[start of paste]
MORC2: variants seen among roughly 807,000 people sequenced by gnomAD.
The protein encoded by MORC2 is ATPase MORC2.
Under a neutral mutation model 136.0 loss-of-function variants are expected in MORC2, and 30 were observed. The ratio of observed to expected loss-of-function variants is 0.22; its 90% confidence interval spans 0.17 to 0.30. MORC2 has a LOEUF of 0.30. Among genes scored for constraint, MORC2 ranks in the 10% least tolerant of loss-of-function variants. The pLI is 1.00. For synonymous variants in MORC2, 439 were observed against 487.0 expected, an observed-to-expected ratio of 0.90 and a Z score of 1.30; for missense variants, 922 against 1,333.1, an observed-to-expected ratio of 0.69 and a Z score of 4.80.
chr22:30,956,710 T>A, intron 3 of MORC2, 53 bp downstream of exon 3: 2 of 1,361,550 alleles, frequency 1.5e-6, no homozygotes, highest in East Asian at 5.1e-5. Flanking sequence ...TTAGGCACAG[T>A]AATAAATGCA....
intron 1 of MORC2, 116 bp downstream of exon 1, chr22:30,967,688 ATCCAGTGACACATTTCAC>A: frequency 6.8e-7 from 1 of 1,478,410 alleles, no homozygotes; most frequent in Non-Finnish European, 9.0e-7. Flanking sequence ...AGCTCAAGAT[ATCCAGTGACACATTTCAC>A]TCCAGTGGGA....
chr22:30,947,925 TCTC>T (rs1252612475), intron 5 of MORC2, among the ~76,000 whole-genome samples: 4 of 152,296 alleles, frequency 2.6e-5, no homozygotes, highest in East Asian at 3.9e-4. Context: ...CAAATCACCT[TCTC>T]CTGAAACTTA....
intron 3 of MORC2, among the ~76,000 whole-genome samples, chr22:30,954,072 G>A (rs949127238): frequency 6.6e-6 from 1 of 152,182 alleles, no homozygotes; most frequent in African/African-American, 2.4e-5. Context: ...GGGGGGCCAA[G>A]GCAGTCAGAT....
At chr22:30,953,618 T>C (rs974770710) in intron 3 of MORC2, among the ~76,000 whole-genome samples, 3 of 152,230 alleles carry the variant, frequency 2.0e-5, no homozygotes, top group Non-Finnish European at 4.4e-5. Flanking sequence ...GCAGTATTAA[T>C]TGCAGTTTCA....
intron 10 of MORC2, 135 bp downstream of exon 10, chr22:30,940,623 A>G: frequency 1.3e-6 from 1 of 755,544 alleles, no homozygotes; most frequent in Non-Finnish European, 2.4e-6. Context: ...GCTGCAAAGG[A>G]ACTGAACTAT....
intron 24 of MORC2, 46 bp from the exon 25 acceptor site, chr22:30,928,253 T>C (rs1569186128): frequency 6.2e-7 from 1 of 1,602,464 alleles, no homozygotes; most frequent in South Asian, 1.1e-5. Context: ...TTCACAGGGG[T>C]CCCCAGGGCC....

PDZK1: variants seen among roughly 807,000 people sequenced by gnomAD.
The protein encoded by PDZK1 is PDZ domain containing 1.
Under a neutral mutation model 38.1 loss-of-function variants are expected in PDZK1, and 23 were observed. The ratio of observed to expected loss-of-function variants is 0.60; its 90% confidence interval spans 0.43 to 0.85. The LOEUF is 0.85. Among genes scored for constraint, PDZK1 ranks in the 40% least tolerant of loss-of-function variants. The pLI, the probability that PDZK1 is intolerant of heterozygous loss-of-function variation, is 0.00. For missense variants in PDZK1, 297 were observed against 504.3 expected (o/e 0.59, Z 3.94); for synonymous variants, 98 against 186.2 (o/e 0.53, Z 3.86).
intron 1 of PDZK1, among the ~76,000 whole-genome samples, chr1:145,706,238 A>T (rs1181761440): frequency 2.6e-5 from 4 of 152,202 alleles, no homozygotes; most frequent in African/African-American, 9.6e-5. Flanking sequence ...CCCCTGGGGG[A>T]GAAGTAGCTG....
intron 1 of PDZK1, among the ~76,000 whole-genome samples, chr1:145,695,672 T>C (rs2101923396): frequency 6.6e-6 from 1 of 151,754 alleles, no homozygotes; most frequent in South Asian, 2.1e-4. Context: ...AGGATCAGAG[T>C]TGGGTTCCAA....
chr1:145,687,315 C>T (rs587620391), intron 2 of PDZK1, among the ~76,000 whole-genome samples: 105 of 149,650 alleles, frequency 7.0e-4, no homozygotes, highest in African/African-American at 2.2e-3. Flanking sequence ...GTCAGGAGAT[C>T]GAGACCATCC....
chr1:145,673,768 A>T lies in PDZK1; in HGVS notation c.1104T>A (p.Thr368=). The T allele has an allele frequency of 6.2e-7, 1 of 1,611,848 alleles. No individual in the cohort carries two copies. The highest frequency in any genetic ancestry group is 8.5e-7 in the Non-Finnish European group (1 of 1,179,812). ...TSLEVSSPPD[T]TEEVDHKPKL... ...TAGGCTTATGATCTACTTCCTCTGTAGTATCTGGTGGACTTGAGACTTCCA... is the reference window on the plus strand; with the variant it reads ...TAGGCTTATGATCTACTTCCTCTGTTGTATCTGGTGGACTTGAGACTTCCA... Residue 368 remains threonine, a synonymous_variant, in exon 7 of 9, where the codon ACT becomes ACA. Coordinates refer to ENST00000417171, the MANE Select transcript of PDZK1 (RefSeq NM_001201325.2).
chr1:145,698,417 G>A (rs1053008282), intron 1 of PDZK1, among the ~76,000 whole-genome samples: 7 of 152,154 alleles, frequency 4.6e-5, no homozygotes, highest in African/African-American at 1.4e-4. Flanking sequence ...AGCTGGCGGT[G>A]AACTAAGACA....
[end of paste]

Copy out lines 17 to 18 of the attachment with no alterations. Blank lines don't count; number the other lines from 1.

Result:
chr1:145,673,768 A>T lies in PDZK1; in HGVS notation c.1104T>A (p.Thr368=). The T allele has an allele frequency of 6.2e-7, 1 of 1,611,848 alleles. No individual in the cohort carries two copies. The highest frequency in any genetic ancestry group is 8.5e-7 in the Non-Finnish European group (1 of 1,179,812). ...TSLEVSSPPD[T]TEEVDHKPKL... ...TAGGCTTATGATCTACTTCCTCTGTAGTATCTGGTGGACTTGAGACTTCCA... is the reference window on the plus strand; with the variant it reads ...TAGGCTTATGATCTACTTCCTCTGTTGTATCTGGTGGACTTGAGACTTCCA... Residue 368 remains threonine, a synonymous_variant, in exon 7 of 9, where the codon ACT becomes ACA. Coordinates refer to ENST00000417171, the MANE Select transcript of PDZK1 (RefSeq NM_001201325.2).
chr1:145,698,417 G>A (rs1053008282), intron 1 of PDZK1, among the ~76,000 whole-genome samples: 7 of 152,154 alleles, frequency 4.6e-5, no homozygotes, highest in African/African-American at 1.4e-4. Flanking sequence ...AGCTGGCGGT[G>A]AACTAAGACA....